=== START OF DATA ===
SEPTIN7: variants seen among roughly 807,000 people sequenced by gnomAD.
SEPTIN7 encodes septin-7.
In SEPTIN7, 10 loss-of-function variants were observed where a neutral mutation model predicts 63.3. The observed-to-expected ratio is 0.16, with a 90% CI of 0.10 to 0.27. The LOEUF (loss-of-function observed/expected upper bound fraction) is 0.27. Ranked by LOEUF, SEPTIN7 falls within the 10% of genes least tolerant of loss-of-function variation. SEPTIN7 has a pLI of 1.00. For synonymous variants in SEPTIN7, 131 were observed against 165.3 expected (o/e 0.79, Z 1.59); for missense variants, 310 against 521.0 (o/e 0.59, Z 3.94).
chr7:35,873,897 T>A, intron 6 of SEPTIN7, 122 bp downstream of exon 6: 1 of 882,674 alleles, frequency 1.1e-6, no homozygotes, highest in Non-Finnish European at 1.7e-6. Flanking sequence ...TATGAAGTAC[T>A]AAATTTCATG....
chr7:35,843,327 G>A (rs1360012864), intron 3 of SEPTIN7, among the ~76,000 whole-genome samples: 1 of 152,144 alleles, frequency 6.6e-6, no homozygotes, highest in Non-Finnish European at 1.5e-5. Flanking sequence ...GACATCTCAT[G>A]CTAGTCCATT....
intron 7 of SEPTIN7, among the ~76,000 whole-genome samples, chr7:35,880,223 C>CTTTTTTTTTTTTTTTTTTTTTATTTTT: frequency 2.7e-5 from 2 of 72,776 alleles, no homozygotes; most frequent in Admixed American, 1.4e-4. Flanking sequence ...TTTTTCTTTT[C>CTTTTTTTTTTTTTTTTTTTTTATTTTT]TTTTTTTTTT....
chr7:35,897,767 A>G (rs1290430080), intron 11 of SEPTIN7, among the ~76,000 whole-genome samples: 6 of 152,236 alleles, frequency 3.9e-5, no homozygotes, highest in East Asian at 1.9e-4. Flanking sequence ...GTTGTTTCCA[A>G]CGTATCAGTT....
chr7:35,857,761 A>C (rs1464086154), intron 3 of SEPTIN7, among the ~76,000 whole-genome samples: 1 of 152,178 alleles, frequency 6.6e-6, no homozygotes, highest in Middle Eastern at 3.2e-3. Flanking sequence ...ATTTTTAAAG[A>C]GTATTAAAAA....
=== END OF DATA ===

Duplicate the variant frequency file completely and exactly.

SEPTIN7: variants seen among roughly 807,000 people sequenced by gnomAD.
SEPTIN7 encodes septin-7.
In SEPTIN7, 10 loss-of-function variants were observed where a neutral mutation model predicts 63.3. The observed-to-expected ratio is 0.16, with a 90% CI of 0.10 to 0.27. The LOEUF (loss-of-function observed/expected upper bound fraction) is 0.27. Ranked by LOEUF, SEPTIN7 falls within the 10% of genes least tolerant of loss-of-function variation. SEPTIN7 has a pLI of 1.00. For synonymous variants in SEPTIN7, 131 were observed against 165.3 expected (o/e 0.79, Z 1.59); for missense variants, 310 against 521.0 (o/e 0.59, Z 3.94).
chr7:35,873,897 T>A, intron 6 of SEPTIN7, 122 bp downstream of exon 6: 1 of 882,674 alleles, frequency 1.1e-6, no homozygotes, highest in Non-Finnish European at 1.7e-6. Flanking sequence ...TATGAAGTAC[T>A]AAATTTCATG....
chr7:35,843,327 G>A (rs1360012864), intron 3 of SEPTIN7, among the ~76,000 whole-genome samples: 1 of 152,144 alleles, frequency 6.6e-6, no homozygotes, highest in Non-Finnish European at 1.5e-5. Flanking sequence ...GACATCTCAT[G>A]CTAGTCCATT....
intron 7 of SEPTIN7, among the ~76,000 whole-genome samples, chr7:35,880,223 C>CTTTTTTTTTTTTTTTTTTTTTATTTTT: frequency 2.7e-5 from 2 of 72,776 alleles, no homozygotes; most frequent in Admixed American, 1.4e-4. Flanking sequence ...TTTTTCTTTT[C>CTTTTTTTTTTTTTTTTTTTTTATTTTT]TTTTTTTTTT....
chr7:35,897,767 A>G (rs1290430080), intron 11 of SEPTIN7, among the ~76,000 whole-genome samples: 6 of 152,236 alleles, frequency 3.9e-5, no homozygotes, highest in East Asian at 1.9e-4. Flanking sequence ...GTTGTTTCCA[A>G]CGTATCAGTT....
chr7:35,857,761 A>C (rs1464086154), intron 3 of SEPTIN7, among the ~76,000 whole-genome samples: 1 of 152,178 alleles, frequency 6.6e-6, no homozygotes, highest in Middle Eastern at 3.2e-3. Flanking sequence ...ATTTTTAAAG[A>C]GTATTAAAAA....